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I must just add a mention that I won't be shocked if it turned out to be a Steppe Buzzard.

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 Post subject: Re: Identification Help - Raptors
Unread postPosted: Mon Sep 29, 2008 8:45 am 
Thanks for that very informative reply wildT, you can see why it caused so many arguments. We did send several photos to a rarities committee (via Africa Birds & birding) who said exactly what you did, that it was impossible to distinguish from juv. Steppe Buzzard without a direct size comparison. So... :hmz: I guess it's really difficult to tell from photos.

I personally lean towards LLB. When we saw this bird, we had already spent several days in the Park and this instantly had a different giss to everything else we had seen (and we'd seen plenty of Stepp Buzzards). However, as we only had an older Roberts 5 and the Sasol 3, (our BBR not exactly being a field guide adn therefore remained at home in Grahamstown) we could not be 100% confident on the ID. So we sat in the 45 degree heat for about 2 hours trying to get good enough photos so that we could ID it once we got home. I even went as far as borrowing a European bird book from one of the professors at Rhodes!

It would be great if we could get a 100% guarenteed ID on it. But alas, I think we will just have to keep going back to the KTP until we find both Steppe adn LLB juvs together!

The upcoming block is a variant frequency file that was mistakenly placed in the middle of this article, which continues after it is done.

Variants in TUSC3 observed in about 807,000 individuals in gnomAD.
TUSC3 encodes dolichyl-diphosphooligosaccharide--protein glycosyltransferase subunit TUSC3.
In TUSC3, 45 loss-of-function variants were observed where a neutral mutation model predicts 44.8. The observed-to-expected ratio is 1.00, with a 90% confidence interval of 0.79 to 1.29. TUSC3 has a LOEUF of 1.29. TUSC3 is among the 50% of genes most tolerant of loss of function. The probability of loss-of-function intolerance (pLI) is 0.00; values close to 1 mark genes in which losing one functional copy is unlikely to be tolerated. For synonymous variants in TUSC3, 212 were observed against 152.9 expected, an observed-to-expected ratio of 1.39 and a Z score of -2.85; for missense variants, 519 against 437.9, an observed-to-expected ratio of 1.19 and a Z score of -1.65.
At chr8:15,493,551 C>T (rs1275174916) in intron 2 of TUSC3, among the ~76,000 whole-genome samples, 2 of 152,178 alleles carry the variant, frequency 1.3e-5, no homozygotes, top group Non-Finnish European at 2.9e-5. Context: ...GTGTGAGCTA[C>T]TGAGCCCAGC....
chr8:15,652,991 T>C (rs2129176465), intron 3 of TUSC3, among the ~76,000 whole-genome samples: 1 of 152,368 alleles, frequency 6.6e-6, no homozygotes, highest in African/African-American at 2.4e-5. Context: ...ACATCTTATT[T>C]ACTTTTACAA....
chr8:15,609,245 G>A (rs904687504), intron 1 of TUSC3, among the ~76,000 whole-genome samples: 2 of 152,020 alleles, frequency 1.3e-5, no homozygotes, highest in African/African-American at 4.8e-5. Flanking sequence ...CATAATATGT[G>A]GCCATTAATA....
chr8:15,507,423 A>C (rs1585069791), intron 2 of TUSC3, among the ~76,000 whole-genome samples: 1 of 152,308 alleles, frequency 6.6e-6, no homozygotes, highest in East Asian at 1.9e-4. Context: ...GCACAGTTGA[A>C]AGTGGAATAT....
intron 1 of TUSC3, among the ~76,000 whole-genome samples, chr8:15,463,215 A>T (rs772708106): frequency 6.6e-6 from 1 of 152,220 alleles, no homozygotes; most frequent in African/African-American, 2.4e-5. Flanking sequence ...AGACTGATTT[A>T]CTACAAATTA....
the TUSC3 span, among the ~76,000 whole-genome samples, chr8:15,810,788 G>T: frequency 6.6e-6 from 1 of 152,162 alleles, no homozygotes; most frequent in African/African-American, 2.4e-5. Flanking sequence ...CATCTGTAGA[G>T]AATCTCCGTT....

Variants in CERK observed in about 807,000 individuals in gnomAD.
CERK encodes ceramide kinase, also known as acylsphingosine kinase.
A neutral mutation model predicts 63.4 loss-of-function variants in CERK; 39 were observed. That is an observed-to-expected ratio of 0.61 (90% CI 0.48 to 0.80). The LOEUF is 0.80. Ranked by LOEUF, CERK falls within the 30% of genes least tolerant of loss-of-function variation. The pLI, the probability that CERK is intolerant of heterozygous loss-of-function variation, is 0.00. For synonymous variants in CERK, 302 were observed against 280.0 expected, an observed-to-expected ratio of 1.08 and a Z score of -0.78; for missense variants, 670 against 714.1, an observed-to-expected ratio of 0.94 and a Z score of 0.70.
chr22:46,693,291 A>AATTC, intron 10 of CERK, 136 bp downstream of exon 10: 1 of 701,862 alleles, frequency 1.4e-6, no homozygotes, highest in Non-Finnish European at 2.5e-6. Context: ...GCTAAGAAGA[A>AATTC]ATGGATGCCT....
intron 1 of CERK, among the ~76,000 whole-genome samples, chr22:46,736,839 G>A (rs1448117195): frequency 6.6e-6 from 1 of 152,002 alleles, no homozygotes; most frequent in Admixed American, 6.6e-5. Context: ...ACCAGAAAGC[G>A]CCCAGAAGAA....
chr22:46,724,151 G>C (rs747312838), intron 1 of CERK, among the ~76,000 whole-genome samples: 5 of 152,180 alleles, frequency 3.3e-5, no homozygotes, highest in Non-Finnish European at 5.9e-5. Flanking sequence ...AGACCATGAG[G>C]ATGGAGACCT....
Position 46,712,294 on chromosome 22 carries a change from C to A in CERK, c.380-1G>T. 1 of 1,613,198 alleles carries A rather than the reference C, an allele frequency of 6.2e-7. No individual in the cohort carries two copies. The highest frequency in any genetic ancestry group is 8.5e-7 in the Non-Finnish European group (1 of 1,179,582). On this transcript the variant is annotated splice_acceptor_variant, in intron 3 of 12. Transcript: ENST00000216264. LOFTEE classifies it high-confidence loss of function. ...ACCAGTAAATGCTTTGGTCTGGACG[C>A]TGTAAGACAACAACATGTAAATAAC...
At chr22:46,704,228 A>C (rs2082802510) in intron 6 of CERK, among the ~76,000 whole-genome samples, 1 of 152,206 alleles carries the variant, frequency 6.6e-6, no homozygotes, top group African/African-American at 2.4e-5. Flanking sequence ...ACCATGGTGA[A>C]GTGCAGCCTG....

it is interesting that the Roberts mentioned that this bird is more common than previously thought. I can believe that, especially as they are so similar to the pale Steppe Buzzard form. I would imagine that a lot of people gloss over Steppe buzzards as they can be very common. I guess it's a bit like not seeing the wood for all the trees!


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 Post subject: Re: Identification Help - Raptors
Unread postPosted: Mon Sep 29, 2008 8:58 am 
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What conclusion did you reach from the European Bird Book?

Nothing stops you from ticking it as a Long-Legged Buzzard especially if something like the rarities committee can't give you a good enough reason why it isn't one.

You thought it is one, quite a lot of us here on the forum think it is one. So?

Honestly, I think that if all sightings of this bird south of Tanzania were considered unsubstantiated then it should be removed from the Southern African list altogether then.

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 Post subject: Re: Identification Help - Raptors
Unread postPosted: Mon Sep 29, 2008 9:02 am 
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My SO and I had excellent sightings of an Eurasian Marsh Harrier at Marievale last summer.

We know what we saw and we ticked it as such. We had no intention of giving the record thru to the rarities committee as we don't do birding as a competition but for a fun hobby.

If I saw your Buzzard and quite a few other people would agree with me on the sighting then I would tick it.

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 Post subject: Re: Identification Help - Raptors
Unread postPosted: Mon Sep 29, 2008 9:11 am 
The European book, and the opinion of the owner of said book, both agreed that it was a LLB. We ticked it as such. I am perfectly confident that that is what it was, I was just curious to see what other people had to say. And maybe people will pick up a tip or two on Steppe Buzzard identification! :mrgreen:
And like you, birding is a hobby for me and my SO. The committee apparently were divided on what it was, and so went with the safer option; which is fine by me :) If someone wants to give me a huge chunk of money to study the LLB and Steppe Buzzards, I'd pack up and move to teh KTP tomorrow! (and while I'm dreaming, I'd like a brand new Cruiser too...)